Survey Shows Convergence of Web With Traditional Media

The latest survey to be released in Australia has shown that online properties produced by newspaper publishers are attracting the same demographic as the traditional forms.

According to the results of the Online Readership Survey conducted by Sydney-based APT Strategies, there is a high degree of duplicated readership among the leading sites which are aiming for the same demographic.

APT Strategies director Marc Phillips, said the survey of 13,114 respondents confirmed that the Internet audience is converging with the users of traditional media. He added that the survey represents the first time that media buyers in Australia have access to information which details the duplication of the audience among popular Web sites.

“This will allow media buyers to cost-effectively plan their spend on the Web,” he said. “If they want to reach as many people as possible, then they can now use those popular sites with a low degree of duplication. But if they want to really hit a particular demographic, they can use
those sites with a higher level of duplication.”

The survey reviewed some of the most popular Web sites in the country. Previously, little was known about the specific demographics of the visitors to particular Web sites. The profile of Australian Net users was based on more general research produced by the Australian Bureau of Statistics.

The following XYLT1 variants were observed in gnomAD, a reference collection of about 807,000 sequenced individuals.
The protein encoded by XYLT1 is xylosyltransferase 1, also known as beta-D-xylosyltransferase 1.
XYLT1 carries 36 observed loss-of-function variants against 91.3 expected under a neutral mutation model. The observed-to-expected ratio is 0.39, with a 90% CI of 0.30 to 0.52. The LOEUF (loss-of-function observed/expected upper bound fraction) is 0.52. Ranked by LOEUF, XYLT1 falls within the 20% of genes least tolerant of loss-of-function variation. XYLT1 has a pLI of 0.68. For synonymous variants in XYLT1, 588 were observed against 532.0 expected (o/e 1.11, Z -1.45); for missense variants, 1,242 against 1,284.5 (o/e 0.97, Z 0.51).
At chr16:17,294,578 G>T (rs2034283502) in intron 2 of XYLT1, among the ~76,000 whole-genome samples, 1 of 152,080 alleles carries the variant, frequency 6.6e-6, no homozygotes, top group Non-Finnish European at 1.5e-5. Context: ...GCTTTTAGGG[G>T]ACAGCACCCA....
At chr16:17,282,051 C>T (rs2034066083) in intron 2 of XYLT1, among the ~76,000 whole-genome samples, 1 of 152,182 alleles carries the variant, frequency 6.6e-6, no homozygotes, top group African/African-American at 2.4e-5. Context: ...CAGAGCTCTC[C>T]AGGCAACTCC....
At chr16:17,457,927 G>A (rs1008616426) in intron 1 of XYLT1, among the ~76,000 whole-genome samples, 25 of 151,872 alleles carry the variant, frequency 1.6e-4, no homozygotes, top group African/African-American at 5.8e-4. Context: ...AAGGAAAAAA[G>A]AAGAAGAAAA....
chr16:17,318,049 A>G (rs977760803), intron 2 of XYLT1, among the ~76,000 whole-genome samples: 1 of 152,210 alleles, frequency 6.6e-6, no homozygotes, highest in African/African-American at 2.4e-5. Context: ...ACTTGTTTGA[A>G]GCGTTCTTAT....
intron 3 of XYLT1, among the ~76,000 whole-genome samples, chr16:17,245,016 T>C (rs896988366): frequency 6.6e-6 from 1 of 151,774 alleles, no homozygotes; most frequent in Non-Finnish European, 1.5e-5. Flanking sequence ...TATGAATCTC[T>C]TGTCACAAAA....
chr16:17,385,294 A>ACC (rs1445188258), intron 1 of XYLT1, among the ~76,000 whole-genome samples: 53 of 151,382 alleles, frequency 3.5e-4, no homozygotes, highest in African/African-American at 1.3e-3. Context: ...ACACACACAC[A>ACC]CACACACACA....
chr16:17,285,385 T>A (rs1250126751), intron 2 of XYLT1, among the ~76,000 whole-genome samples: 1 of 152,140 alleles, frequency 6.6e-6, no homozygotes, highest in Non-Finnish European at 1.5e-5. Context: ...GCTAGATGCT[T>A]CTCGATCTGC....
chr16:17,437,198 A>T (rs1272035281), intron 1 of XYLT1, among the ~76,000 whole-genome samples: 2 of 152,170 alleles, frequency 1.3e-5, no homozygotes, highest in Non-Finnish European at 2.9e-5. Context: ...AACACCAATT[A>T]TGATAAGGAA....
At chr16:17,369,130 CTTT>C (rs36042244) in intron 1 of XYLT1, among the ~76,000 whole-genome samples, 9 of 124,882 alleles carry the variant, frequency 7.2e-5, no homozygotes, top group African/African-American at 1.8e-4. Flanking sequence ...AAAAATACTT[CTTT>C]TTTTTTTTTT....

The survey has been endorsed by newspaper publishers such as John Fairfax and News Limited, while the popular portals such as ninemsn and Yahoo! declined to be included in the latest report (although these sites were still measured).

“With the profiles from the readership survey, we can finally target beyond webographics (user’s browser, platform, domain) and site content with a range of buyergraphic and psychographic variables,” said Dale McCarthy, the national marketing manager of Fairfax Online.

For example, of the people who used the Yellow Pages site at least once per month, some 50 percent also visited The Australian Financial Review site, owned and operated by John Fairfax.

At the lower end, of those people who visited the AFR site in one month,
only 26 percent also visited the main News Limited site.

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